Sometimes you have to just batten down the hatches, recognise your capacity at that point, and accept that you’re doing your best right now. If someone asks how Ben is and I can reply ‘fine’, then we’re doing well. So your kid hasn’t done their exercises, but you’ll probably never know if they would have made any difference, and meanwhile they are clean, fed, apparently happy (or not actively unhappy) and, most of all, loved. You might even have read them a book. That’s all that really matters.

 

Playscheme

We survived the summer holidays! Nothing brings home the fact you have three children like having them all at home for six weeks . It is inevitably chaotic and puts all other meaningful activity on the backburner, but it’s also fun. We don’t all have to be up and out first thing in the morning, remembering school forms and PE kits. We can go to new places and hang around in the garden.

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The secret to communal happiness for us (me) is to have some structured activities, ideally not involving me, lined up between the museum outings and home-based craft projects. We are fortunate that Ben’s school runs a two week playscheme in the summer, and even more fortunate that we have funding for him to attend for one of those weeks. We pay for him to go for a second week.

Running a playscheme for kids like Ben is not straightforward – you need a suitable building, loads of staff with the right expertise. They are expensive because the ratio of staff to children is high, which means either schools or councils have to subsidise them or they are prohibitively expensive for parents. As a parent, it is difficult to find any holiday activities for our disabled child where we feel confident leaving him in a new place with unfamiliar people. I will only send Ben to this playscheme because it is at his school, staffed by people who work there so know him well – these are people who are used to feeding him through his tube and can communicate with him. It’s not the closest holiday scheme but it is the most appropriate.

So for the last few school holidays Ben has spent a week at this playscheme, which is exactly the kind of age appropriate, fun holiday activity I’m into. What I’m even more keen on is the typical experience of two brothers who are a couple of years apart in age being able to do the same holiday things, at the same time, and that is exactly what this playscheme offers. They welcome non-disabled siblings so this year Max went with Ben for four days.

Hurrah, we all shout! Except (and isn’t there always an ‘except’) we need to work out how to get them to and from a playscheme that is five miles from our house each day. Ben is theoretically provided with transport to do the morning journey for one week, but all of my emails to confirm this have gone unanswered and in the week before the playscheme, I still have no confirmation whether the bus is coming and if Max will be allowed on it. There are some mutterings about insurance (or lack of it) for Max. As always, I eventually call my contact, Ms A, at the private transport provider who are sub-contracted by our local council to take Ben to and from school during the term. She works her magic, and calls me back the following day to say she has confirmed the crew that usually take Ben to school will be there on Monday morning, ready to take Max and Ben.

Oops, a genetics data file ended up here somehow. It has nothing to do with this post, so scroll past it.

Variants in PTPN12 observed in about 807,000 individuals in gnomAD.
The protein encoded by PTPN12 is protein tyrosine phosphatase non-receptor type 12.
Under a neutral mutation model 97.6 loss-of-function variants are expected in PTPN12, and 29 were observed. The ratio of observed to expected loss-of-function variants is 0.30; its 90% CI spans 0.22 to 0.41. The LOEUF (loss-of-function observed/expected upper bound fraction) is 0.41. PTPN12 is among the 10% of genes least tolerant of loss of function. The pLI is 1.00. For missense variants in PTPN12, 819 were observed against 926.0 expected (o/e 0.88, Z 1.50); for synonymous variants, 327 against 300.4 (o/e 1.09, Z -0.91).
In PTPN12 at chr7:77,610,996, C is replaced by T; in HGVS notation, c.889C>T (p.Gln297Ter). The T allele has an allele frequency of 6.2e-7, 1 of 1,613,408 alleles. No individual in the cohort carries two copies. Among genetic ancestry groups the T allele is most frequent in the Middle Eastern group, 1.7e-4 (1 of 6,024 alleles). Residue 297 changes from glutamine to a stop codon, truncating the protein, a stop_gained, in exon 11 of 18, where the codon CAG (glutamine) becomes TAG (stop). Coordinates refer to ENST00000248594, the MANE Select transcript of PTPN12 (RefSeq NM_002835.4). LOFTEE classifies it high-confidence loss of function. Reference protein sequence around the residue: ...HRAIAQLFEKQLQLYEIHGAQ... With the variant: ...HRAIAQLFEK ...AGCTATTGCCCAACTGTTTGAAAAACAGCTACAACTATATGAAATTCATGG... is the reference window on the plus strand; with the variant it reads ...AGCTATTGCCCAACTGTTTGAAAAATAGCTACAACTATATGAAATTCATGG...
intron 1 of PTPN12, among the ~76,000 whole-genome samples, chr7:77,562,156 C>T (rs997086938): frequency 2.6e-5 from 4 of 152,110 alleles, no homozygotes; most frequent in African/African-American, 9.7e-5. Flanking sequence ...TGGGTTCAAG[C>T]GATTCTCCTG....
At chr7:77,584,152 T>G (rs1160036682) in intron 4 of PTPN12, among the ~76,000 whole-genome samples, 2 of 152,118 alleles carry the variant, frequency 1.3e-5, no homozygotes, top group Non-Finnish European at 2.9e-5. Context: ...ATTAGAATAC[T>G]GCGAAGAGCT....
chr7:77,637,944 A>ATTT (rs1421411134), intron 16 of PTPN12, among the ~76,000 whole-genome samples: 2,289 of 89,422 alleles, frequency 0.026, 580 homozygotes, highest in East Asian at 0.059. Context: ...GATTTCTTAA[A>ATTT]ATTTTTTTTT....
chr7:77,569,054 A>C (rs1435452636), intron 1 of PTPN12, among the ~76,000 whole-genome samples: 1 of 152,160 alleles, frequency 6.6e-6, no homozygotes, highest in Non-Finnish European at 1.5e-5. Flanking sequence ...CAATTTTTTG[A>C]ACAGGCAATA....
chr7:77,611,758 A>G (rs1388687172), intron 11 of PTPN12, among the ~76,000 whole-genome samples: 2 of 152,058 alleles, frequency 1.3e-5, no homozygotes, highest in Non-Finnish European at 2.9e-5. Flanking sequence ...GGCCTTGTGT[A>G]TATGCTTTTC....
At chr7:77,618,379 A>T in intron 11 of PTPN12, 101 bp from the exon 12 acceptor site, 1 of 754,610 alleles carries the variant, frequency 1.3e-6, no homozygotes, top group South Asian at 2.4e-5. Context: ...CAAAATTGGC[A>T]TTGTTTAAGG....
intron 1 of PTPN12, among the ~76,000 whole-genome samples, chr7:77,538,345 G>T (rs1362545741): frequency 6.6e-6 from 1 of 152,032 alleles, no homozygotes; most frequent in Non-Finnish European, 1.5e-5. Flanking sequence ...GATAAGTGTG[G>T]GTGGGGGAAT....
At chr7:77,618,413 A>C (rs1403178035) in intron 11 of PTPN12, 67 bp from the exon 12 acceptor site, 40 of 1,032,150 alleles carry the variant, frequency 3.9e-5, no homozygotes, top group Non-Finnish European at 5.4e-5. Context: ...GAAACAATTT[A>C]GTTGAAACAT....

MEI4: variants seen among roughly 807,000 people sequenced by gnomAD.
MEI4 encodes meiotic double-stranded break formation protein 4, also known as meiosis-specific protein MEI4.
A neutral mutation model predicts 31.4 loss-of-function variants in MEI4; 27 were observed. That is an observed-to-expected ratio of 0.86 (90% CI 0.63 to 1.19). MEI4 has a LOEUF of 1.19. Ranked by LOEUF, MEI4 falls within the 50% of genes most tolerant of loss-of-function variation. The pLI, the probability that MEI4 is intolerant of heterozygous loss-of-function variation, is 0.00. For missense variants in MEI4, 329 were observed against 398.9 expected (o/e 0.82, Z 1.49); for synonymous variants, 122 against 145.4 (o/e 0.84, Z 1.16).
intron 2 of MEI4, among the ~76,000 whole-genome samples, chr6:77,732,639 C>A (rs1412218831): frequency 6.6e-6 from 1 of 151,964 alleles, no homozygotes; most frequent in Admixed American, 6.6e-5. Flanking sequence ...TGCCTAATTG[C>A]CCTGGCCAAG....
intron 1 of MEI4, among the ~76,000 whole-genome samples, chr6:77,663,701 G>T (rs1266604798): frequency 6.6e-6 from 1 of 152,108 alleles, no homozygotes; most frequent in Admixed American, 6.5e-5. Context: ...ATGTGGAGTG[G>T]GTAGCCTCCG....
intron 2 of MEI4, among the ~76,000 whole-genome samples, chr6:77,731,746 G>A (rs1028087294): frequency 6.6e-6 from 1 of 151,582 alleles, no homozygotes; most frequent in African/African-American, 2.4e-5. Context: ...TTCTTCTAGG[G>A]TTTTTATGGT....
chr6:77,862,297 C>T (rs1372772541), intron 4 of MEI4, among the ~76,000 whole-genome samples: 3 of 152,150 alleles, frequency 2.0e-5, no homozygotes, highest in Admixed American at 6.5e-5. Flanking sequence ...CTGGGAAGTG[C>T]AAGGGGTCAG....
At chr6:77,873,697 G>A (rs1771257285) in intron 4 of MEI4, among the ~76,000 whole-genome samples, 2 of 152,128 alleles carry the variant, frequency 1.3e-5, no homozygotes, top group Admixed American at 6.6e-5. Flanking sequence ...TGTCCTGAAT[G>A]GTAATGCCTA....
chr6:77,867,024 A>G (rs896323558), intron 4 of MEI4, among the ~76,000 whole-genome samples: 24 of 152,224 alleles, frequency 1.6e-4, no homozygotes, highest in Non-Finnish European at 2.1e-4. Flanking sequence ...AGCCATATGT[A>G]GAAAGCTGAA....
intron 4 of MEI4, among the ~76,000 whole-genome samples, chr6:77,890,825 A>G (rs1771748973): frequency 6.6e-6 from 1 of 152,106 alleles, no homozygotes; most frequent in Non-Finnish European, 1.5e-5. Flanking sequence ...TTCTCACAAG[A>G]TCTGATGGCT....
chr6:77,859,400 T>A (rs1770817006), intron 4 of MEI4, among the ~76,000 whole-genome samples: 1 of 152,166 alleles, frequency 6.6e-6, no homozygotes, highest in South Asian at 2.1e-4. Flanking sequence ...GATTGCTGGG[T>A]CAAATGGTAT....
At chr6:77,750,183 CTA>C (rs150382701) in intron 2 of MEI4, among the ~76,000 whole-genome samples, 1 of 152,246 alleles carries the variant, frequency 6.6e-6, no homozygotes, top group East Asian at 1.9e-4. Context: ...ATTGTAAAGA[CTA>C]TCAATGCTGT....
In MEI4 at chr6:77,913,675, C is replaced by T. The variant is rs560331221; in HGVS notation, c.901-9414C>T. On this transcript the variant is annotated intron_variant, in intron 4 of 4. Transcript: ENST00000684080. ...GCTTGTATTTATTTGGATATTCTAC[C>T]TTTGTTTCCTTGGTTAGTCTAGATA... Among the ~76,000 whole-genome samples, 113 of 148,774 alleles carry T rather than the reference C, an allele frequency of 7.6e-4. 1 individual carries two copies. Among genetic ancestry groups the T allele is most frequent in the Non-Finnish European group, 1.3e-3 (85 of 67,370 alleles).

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I cannot overplay the value of Ms A. After weeks of me emailing and calling social services and the school transport service (as I do in the weeks leading up to every playscheme) and getting precisely nowhere, she smooths the path and makes it work with a driver and escort who are familiar to Ben, and with enthusiasm for Max joining them. People like Ms A are the ones who brighten my days.

And so off they went! Ben went on his own some days, and Max joined him on others. They swam in the hydrotherapy pool and did some DJing. They made spiderman masks and puzzles.

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One day I collected them and a young woman was accompanying the boys down the corridor towards me. I could see they were relaxed and happy. She introduced herself and then, in a low voice so Max couldn’t clearly hear, said what a great brother he was. That he’d been friendly to everyone and helpful to Ben, that he’d made some funny jokes. She said her sister had gone to the school and that was how she had got into helping at playscheme. She seemed like exactly the kind of person I want my kids to hang out with.

This is unusual – it is not standard to have access to a playscheme where you feel really confident people understand and can care for your child, where they will be happy and safe. It is rare for non-disabled siblings to be allowed to join in with these kinds of activities. It is unusual to get funding for a week which includes help with transport to get them there. In fact, in a stunning display of bureaucratic madness, a classmate and friend of Ben’s went to the same playscheme each day but for some unfathomable reason was not allowed to travel on the bus with him. Ben’s bus went past the end of his road each morning without being allowed to pick him up, despite there being room. It was the same bus and crew that normally picks him up for school every morning. I despair.